I also felt Casio’s inclusion of a setting that allows the user to prioritize face detection for quantity up to ten faces or speed faster detection but limited to only five faces was sensible, given that some families will seldom need to recognize as many as ten faces in a scene, and these individuals will appreciate the snappier detection found when limiting detection to just five faces.

One last point worthy of note is that Casio’s user manual is among the less useful we’ve seen lately. There’s no index — just a table of contents — and in many areas Casio has either skimmed over subjects very briefly where further detail would have been greatly helpful, or simply skipped features altogether.

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For example, nowhere does the Manual even list half of the available Best Shot scene modes, let alone tell you what they do. I wasn’t alone in noting this: Mode dial positions include “Best Shot” scene modes for both stills and movies, a Movie mode, an “Easy” mode that keeps most variables under the camera’s control, plus a Snapshot mode that’s the equivalent of Program mode on most digicams, and a selection of Aperture- and Shutter-priority plus a fully manual mode.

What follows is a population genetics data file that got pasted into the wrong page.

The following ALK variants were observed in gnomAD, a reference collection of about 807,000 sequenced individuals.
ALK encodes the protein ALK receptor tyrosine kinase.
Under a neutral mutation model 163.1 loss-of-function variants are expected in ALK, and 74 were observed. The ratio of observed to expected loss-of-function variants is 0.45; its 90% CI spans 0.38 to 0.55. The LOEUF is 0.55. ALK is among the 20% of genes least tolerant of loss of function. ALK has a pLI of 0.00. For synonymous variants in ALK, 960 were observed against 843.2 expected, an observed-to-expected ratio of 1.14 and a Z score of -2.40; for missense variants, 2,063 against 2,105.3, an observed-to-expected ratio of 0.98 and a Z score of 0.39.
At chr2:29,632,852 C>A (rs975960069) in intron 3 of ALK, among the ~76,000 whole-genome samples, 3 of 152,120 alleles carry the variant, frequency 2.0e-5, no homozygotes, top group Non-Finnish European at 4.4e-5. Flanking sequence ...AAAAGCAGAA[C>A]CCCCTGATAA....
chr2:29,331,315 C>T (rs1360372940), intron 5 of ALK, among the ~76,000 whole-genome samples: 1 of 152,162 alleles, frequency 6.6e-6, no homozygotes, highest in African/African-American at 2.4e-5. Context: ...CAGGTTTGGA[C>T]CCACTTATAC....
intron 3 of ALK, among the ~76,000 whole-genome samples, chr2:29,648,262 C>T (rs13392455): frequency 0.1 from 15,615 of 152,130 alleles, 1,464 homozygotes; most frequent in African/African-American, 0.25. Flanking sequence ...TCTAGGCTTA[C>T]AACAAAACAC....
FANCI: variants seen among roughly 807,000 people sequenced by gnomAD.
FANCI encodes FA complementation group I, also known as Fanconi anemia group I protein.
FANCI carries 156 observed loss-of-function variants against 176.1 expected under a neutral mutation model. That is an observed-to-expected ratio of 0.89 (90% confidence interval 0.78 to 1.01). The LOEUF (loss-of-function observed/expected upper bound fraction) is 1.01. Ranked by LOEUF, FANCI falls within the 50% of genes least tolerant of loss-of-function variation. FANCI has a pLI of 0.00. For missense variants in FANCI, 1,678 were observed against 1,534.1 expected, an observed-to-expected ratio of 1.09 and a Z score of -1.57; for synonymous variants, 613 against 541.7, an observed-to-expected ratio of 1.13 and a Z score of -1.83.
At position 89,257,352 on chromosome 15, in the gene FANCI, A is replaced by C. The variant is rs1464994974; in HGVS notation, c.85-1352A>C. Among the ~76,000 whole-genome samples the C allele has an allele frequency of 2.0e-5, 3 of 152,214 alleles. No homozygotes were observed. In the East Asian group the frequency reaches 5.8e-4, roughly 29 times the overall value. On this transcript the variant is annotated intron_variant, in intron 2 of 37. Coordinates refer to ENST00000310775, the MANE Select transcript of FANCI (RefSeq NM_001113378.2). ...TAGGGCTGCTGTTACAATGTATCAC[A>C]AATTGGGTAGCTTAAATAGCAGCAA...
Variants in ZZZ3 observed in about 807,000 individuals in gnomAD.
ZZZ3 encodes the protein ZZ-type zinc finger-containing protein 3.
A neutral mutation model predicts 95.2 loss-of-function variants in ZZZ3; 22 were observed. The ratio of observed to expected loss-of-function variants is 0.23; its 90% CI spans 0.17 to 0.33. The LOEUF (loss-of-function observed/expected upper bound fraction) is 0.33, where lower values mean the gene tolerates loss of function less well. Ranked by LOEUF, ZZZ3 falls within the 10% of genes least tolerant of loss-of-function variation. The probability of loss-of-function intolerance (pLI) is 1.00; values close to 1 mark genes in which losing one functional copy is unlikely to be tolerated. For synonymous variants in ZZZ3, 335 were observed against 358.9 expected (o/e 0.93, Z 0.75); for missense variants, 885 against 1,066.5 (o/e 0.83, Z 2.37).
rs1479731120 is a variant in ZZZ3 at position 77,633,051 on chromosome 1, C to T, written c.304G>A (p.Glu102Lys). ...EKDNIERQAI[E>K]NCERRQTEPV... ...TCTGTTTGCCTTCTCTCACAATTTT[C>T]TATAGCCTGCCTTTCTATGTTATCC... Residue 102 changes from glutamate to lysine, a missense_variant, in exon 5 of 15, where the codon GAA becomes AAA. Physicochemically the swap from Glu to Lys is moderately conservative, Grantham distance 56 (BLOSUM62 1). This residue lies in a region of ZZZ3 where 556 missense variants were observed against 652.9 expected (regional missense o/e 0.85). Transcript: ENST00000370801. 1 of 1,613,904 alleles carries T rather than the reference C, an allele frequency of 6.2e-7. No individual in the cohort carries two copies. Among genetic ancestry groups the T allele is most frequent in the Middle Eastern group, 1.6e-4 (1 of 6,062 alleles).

Images and movies can be reviewed by pressing the “Play” button, and a half-press of the shutter button will return you swiftly to Record mode, ready to take advantage of an unexpected photo opportunity. Casio’s vast selection of “Best Shot” modes what would be known as “Scene” modes on most digital cameras aim to make the camera more approachable to beginners. Unusually, the Casio V8 also offers a selection of “Best Shot” modes for movies as well.